Homer’s Daughter is Robert Graves’ novel of the girl, Nausicaa, a character in the Odyssey, who Graves believed was a its true author (not the blind and bearded Homer, whose Iliad was composed at least 150 years before…. ). That Homer did not write the Odyssey continues to be a bold historical and literary claim. Add to it Graves’s protofeminist heroine, and a radical modern classic is born.
In his Historical Note, Graves says the novel “re-creates, from internal and external evidence, the circumstances which induced Nausicaa to write the Odyssey, and suggest how, as an honorary Daughter of Homer, she managed to get it included in the official canon.
“Here is the story of a high-spirited and religious-minded Sicilian girl who saves her father’s throne from usurpation, herself from a distasteful marriage, and her two younger brothers from butchery by boldly making things happen, instead of sitting still and hoping for the best.”
Seven Stories’ Robert Graves Project spans 14 titles, and includes fiction and nonfiction, adult, young adult and children’s books, in a striking new uniform design, with new introductions and afterwords. Homer’s Daughter joins our recent re-publication of The Reader Over Your Shoulder and Ann at Highwood Hall on our Triangle Square Books for Young Readers list. Among the works still to come are Count Belisarius, Hebrew Myths, and Lawrence and the Arabs. The online partner for the Robert Graves Project is RosettaBooks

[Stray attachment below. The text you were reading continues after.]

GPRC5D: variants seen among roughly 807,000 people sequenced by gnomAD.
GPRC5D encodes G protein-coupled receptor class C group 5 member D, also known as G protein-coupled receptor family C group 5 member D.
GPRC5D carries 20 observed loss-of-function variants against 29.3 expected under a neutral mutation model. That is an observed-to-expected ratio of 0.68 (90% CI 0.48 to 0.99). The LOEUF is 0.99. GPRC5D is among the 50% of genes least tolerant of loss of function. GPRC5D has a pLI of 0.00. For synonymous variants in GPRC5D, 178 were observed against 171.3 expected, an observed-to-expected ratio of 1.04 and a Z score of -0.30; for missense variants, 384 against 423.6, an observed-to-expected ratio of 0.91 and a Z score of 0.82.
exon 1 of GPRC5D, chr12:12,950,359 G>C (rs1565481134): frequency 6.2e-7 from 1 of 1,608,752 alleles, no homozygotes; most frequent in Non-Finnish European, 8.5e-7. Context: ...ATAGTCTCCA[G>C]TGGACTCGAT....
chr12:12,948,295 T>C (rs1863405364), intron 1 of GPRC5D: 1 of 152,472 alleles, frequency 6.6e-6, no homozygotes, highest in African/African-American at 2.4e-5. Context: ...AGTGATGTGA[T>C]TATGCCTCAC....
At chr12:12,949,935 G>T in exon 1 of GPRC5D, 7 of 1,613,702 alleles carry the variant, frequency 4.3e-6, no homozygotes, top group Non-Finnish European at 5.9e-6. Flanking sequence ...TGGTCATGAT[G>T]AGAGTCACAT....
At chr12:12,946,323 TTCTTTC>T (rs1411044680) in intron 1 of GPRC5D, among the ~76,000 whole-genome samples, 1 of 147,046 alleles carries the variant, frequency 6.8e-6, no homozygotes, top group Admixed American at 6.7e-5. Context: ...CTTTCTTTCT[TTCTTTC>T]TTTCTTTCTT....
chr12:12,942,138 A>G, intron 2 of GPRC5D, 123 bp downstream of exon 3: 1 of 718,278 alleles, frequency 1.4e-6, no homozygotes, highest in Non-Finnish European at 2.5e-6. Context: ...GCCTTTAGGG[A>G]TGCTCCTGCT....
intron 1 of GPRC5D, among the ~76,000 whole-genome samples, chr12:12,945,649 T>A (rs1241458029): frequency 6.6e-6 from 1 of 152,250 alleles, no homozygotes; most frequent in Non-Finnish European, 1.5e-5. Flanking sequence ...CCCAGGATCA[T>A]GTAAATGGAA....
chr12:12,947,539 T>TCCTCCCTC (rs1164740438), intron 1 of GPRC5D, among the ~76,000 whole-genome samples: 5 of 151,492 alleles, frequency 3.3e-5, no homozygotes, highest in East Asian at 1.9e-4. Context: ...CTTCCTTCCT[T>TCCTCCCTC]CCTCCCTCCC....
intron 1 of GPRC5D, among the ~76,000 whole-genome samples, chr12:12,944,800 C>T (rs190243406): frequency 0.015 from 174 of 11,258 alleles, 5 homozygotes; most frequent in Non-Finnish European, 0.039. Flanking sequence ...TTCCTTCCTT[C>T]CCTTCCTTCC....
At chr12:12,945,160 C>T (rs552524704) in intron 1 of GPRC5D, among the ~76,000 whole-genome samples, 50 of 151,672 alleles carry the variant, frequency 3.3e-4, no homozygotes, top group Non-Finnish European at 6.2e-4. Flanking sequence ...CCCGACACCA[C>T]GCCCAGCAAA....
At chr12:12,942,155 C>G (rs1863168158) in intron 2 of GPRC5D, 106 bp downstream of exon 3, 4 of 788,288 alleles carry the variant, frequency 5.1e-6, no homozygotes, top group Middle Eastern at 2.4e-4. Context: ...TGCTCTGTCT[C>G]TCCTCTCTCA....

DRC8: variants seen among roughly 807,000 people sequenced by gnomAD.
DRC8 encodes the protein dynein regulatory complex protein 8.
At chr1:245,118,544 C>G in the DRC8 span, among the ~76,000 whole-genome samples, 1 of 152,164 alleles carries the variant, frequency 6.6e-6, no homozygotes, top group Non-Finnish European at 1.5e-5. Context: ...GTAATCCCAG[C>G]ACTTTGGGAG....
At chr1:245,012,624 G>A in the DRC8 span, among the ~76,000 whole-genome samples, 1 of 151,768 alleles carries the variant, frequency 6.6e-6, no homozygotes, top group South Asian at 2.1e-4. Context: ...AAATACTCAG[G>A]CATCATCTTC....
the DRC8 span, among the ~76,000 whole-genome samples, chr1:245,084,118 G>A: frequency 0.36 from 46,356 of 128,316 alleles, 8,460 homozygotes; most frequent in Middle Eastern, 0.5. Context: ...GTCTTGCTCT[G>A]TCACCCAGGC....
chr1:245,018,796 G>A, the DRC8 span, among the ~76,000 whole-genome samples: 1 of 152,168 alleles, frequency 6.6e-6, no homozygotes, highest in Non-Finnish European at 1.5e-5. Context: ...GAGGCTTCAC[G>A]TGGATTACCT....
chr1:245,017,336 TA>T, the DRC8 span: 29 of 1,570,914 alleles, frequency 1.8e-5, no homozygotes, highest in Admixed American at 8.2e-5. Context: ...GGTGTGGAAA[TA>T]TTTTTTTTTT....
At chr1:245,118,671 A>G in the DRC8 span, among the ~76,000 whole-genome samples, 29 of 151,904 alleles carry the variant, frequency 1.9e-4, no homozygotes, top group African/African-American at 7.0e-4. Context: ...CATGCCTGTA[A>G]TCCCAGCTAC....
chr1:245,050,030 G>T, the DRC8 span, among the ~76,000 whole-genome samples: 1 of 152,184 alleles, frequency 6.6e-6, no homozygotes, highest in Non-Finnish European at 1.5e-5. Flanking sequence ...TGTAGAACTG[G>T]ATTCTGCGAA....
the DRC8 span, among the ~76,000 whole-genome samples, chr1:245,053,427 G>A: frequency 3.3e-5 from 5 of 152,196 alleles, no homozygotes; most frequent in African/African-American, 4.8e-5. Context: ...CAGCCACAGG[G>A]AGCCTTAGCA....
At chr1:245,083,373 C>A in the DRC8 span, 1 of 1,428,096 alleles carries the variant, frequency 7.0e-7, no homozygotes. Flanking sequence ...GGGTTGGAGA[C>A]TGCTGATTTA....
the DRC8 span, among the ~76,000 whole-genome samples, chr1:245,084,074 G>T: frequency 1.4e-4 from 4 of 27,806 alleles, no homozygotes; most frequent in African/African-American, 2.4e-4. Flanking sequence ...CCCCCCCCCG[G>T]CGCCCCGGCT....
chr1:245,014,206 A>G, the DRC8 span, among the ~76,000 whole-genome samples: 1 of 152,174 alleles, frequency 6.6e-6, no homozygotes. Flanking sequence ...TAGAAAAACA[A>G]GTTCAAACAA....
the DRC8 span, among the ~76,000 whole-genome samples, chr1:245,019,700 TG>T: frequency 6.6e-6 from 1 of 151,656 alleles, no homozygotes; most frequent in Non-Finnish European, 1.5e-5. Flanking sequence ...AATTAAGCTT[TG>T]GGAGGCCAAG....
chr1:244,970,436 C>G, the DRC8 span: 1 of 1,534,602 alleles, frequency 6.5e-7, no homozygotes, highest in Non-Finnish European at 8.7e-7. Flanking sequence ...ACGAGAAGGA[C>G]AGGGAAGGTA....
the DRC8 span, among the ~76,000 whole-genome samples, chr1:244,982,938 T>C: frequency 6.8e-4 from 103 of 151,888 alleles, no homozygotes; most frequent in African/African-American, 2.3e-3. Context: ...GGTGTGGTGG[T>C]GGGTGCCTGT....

“Homer’s Daughter deserves attention for its sly commentary on the genre of historical fiction; its complex relationship to Homer’s Odyssey; and its spirited protagonist, a young woman whose adventures as a lover and a poet diverge from the painful experiences that Graves attributes to male poets . . . . By presenting his modern novel as more authentic than the ancient epic, Graves wittily addresses theoretical questions about representing the past.” —Sheila Murnaghan, Alfred Reginald Allen Memorial Professor of Greek at the University of Pennsylvania